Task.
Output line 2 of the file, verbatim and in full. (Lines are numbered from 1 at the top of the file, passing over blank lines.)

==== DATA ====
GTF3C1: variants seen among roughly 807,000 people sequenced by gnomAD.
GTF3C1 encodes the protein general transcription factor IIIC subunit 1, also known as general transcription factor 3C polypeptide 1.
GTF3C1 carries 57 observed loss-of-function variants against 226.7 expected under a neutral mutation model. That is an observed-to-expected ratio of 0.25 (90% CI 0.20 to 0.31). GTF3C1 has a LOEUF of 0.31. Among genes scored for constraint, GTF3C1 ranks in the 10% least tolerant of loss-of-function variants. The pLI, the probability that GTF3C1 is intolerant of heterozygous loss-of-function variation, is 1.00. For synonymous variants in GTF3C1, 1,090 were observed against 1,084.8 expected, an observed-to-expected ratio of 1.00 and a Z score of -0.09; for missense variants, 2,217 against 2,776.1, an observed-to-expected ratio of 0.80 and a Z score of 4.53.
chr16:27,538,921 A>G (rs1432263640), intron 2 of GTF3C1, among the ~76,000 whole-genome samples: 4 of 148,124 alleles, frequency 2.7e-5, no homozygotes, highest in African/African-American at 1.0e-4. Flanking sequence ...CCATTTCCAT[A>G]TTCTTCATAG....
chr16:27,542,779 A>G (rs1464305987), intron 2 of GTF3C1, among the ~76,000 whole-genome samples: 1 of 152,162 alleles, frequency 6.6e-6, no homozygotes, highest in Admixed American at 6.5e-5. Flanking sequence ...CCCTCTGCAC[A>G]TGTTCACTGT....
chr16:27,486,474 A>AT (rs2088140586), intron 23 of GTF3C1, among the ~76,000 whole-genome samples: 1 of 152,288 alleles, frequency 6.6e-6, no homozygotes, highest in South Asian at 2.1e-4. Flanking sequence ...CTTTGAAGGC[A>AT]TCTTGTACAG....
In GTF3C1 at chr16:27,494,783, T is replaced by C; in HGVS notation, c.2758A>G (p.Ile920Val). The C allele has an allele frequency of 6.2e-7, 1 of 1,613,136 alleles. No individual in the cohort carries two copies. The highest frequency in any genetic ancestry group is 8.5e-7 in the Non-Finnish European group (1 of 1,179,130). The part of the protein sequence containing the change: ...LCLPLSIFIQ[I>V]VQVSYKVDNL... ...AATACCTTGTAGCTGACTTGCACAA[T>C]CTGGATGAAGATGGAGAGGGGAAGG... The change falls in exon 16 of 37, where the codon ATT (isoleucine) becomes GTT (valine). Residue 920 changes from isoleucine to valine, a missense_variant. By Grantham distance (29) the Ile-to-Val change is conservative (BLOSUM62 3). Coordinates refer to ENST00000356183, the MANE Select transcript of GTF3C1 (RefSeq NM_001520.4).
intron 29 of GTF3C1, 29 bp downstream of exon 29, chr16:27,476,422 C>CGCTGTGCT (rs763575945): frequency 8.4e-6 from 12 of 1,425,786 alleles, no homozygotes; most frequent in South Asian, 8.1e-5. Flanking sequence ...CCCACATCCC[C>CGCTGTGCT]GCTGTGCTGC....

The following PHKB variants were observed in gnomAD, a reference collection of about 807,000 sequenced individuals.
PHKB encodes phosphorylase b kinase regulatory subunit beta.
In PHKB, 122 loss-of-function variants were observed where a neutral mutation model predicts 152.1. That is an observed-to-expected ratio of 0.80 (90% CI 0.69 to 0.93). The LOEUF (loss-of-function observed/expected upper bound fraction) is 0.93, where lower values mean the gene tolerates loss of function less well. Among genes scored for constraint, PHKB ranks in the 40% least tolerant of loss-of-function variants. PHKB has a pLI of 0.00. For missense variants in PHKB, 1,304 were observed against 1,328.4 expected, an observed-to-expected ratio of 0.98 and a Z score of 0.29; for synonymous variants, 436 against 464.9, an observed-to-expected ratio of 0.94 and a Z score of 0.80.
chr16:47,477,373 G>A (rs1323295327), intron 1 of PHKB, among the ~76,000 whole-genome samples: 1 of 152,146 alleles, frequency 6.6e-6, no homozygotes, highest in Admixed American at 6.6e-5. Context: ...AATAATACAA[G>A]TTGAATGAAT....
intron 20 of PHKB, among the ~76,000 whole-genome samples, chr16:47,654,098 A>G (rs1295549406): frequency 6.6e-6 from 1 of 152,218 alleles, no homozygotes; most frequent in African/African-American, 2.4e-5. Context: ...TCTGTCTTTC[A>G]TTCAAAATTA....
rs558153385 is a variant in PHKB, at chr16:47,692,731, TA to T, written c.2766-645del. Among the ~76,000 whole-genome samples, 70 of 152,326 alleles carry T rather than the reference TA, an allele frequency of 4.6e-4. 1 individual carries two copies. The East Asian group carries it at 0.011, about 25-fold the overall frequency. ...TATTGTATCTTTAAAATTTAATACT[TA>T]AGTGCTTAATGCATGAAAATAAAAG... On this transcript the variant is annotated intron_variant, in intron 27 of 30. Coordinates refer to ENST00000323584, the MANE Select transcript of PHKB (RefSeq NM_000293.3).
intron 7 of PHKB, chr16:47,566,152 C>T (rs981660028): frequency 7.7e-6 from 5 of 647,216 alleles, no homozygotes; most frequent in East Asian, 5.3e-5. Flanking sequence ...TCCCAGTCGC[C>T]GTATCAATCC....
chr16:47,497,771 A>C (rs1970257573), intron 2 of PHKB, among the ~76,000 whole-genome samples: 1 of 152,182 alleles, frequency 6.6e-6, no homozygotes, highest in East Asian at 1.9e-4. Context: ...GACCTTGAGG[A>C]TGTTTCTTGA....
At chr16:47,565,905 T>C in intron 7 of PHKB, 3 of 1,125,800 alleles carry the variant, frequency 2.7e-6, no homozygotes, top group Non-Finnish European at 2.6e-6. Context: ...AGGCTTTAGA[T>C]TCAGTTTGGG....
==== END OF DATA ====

GTF3C1 encodes the protein general transcription factor IIIC subunit 1, also known as general transcription factor 3C polypeptide 1.